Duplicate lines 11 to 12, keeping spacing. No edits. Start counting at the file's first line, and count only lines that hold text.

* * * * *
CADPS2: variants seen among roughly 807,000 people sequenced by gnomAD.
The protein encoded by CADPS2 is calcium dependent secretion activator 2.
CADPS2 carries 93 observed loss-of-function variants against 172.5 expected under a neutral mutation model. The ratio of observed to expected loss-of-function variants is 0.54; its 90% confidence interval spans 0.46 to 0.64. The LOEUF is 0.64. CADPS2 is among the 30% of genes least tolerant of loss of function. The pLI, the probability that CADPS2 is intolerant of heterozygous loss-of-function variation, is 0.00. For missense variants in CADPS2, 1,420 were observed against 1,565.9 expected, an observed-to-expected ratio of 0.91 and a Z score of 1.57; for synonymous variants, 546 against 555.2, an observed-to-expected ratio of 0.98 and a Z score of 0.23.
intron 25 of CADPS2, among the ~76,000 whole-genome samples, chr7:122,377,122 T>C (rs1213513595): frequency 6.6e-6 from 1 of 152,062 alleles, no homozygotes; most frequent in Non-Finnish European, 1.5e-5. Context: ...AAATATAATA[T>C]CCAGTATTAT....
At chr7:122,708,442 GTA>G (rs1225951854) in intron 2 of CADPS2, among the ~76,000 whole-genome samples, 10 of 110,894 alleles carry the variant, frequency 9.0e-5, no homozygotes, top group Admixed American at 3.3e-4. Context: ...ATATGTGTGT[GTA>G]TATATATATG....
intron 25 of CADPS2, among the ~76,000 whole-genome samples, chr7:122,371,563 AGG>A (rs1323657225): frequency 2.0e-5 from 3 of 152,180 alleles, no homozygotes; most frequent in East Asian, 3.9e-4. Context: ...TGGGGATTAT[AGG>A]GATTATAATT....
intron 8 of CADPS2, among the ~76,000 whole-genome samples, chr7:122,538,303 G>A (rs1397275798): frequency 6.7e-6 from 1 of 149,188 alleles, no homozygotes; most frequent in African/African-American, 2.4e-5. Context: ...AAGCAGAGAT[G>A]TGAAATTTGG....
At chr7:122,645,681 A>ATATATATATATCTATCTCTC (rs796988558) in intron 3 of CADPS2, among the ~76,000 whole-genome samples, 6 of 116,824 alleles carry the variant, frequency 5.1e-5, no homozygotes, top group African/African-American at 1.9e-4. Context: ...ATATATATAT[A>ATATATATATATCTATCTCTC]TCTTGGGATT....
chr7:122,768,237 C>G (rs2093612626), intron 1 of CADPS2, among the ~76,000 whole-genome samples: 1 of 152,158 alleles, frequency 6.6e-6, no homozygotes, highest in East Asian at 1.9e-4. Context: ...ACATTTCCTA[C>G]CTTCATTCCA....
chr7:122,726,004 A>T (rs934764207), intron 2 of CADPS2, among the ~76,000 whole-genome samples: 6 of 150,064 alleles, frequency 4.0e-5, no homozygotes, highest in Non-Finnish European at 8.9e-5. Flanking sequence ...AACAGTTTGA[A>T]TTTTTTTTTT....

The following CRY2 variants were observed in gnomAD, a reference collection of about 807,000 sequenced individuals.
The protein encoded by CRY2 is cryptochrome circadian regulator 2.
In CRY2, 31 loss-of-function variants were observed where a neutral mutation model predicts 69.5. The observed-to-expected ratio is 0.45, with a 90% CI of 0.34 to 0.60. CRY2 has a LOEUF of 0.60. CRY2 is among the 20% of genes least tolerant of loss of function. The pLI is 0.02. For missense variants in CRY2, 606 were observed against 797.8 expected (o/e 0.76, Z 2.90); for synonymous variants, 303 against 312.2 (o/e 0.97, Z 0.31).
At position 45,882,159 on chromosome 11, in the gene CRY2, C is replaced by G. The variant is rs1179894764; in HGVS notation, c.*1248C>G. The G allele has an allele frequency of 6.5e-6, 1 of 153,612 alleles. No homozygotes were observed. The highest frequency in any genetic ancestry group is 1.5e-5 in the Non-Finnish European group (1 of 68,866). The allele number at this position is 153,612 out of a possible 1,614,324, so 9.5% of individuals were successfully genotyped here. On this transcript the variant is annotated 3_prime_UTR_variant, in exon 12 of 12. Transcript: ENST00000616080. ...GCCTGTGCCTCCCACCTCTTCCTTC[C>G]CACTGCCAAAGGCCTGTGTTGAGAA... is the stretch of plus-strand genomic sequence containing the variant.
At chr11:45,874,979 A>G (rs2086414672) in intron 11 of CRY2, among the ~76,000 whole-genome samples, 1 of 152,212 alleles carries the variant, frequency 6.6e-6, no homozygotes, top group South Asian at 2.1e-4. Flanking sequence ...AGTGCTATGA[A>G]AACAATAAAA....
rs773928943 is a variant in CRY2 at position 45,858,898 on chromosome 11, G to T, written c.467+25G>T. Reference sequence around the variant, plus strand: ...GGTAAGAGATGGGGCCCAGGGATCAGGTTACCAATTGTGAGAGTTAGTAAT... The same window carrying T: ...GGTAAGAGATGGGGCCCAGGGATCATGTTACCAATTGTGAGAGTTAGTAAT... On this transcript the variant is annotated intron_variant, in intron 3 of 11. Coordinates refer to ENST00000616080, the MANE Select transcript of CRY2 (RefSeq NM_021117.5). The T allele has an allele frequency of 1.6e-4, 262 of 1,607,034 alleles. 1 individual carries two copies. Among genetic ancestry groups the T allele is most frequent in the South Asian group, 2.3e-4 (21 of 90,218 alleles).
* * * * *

The following CRY2 variants were observed in gnomAD, a reference collection of about 807,000 sequenced individuals.
The protein encoded by CRY2 is cryptochrome circadian regulator 2.